My friend Stacie and her husband used to live in the flat upstairs. In many ways, it was an ideal arrangement: for one thing, they own the building, and so not only were they able to rent to friends, we had our landlords nearby in case of the inevitable homestead crisis.
Second, and more importantly, we got to enjoy that kind of perfect friendship that is easiest when you live in a city, in close quarters. We could, on a whim, walk down to Cole Street and grab sushi; share the overflow from baking projects; or have an impromptu glass of wine on a weeknight. Plus, Stacie and I have known each other since we were born. Our dads were friends since they themselves were young, so we grew up together. It was like having family around.
Sometimes I would encounter her in the evenings, around 9 or 10, on the back stairs as I made my way out to the recycling bin or to get the last of the laundry. Usually I would have just put away a sizeable dinner, a glass or two of wine, and was headed for bed after hoisting myself weakly off the couch.
"What are you up to?" I'd say, knowing the answer would make me feel more like a lump than ever.
"Oh, just working on a few projects," she'd reply casually. Painting something for her little dollhouse, or sewing a purse out of cool fabric scraps that I would eventually covet.
It's doesn't seem fair that some people get piles of talent on top of mountains of motivation, does it?
A couple of years ago, Stacie and her husband moved to a bigger house, on account of having a kid and needing more space. I like to think that this decision was difficult for them, that they knew they would miss our perfect, symbiotic living arrangement, two couples connected by a rickety staircase and almost four decades of friendship.
I'm pretty certain this isn't true, though, and I can't blame them. They found a great place not too far from here, and a few weeks ago, they threw a wonderful party. In addition to a magazine-worthy array of roast chicken sandwiches, risotto, and tomato salad, there was a heaping bowl of gorgeous creamy pasta, full of butternut squash and flecked with basil, of which I proceeded to eat many, many helpings.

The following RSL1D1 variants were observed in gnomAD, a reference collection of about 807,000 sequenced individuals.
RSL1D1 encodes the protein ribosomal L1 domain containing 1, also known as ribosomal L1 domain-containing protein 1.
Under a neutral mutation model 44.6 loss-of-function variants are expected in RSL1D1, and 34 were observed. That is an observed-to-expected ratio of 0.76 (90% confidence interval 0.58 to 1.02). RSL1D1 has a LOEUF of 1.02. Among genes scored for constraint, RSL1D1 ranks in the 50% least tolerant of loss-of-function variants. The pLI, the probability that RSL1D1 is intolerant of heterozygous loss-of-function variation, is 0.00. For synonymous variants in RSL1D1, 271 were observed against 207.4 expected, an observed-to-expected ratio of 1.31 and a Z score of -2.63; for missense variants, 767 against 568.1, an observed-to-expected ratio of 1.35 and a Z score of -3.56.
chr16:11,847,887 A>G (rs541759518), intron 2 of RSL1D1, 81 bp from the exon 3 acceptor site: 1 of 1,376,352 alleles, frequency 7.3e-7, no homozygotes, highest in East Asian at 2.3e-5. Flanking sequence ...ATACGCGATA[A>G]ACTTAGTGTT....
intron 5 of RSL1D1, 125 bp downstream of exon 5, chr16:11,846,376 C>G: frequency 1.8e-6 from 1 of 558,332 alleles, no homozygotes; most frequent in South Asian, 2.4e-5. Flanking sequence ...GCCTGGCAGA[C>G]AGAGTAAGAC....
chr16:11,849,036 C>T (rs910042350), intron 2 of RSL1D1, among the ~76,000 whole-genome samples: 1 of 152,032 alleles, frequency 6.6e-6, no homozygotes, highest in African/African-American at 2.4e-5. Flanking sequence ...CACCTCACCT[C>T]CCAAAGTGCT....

As I threw down on my second or third bowl, it occurred to me that this recipe seemed familiar, although I was sure I'd never eaten it before. I then realized I'd come across it a few months earlier on Stacie's blog that she writes with her friend Simran. (And in case you're wondering, yes, Stacie is responsible for the groovy drawings on the site.)
She'd written this post about a delightful penne with roasted butternut squash and creamy goat cheese, courtesy of Giada de Laurentiis. The recipe floated around in my brain for awhile, but like so many, got lost in the shuffle.
I finally got around to making it this week. And I am happy to say, it did not disappoint.
I'm a little bothered that I didn't think of this combination myself, because it's really fantastic. The squash and onions get roasty and sweet; the goat cheese tangy; the walnuts crunchy; the basil bright and licoricey.
So, thanks, Stace, for doing not only doing a test-run of this recipe, but letting me sample it first. I suppose I should thank Giada, too. In any case, I highly recommend the pasta. It takes a little time for the squash to roast, but otherwise is extremely simple. I suggest you give it a go, and invite a good friend over to enjoy it together.